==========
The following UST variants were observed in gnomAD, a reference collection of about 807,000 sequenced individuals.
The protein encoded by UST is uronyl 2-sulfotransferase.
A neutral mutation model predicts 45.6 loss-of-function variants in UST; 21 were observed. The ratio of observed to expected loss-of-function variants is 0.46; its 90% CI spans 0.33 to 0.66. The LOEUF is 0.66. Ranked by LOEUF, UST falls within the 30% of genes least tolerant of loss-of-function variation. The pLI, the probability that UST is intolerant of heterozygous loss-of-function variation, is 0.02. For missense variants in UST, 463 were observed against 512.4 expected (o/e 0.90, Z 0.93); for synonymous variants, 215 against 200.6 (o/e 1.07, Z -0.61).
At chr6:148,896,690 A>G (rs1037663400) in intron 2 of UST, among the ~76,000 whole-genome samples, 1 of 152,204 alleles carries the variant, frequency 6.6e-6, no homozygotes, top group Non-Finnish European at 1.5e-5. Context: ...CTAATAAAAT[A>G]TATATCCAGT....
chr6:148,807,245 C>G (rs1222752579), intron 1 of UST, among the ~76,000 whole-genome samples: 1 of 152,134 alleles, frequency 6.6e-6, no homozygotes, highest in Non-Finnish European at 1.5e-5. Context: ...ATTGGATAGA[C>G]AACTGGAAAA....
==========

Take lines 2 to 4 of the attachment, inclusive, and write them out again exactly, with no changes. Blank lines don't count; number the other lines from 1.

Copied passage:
The protein encoded by UST is uronyl 2-sulfotransferase.
A neutral mutation model predicts 45.6 loss-of-function variants in UST; 21 were observed. The ratio of observed to expected loss-of-function variants is 0.46; its 90% CI spans 0.33 to 0.66. The LOEUF is 0.66. Ranked by LOEUF, UST falls within the 30% of genes least tolerant of loss-of-function variation. The pLI, the probability that UST is intolerant of heterozygous loss-of-function variation, is 0.02. For missense variants in UST, 463 were observed against 512.4 expected (o/e 0.90, Z 0.93); for synonymous variants, 215 against 200.6 (o/e 1.07, Z -0.61).
At chr6:148,896,690 A>G (rs1037663400) in intron 2 of UST, among the ~76,000 whole-genome samples, 1 of 152,204 alleles carries the variant, frequency 6.6e-6, no homozygotes, top group Non-Finnish European at 1.5e-5. Context: ...CTAATAAAAT[A>G]TATATCCAGT....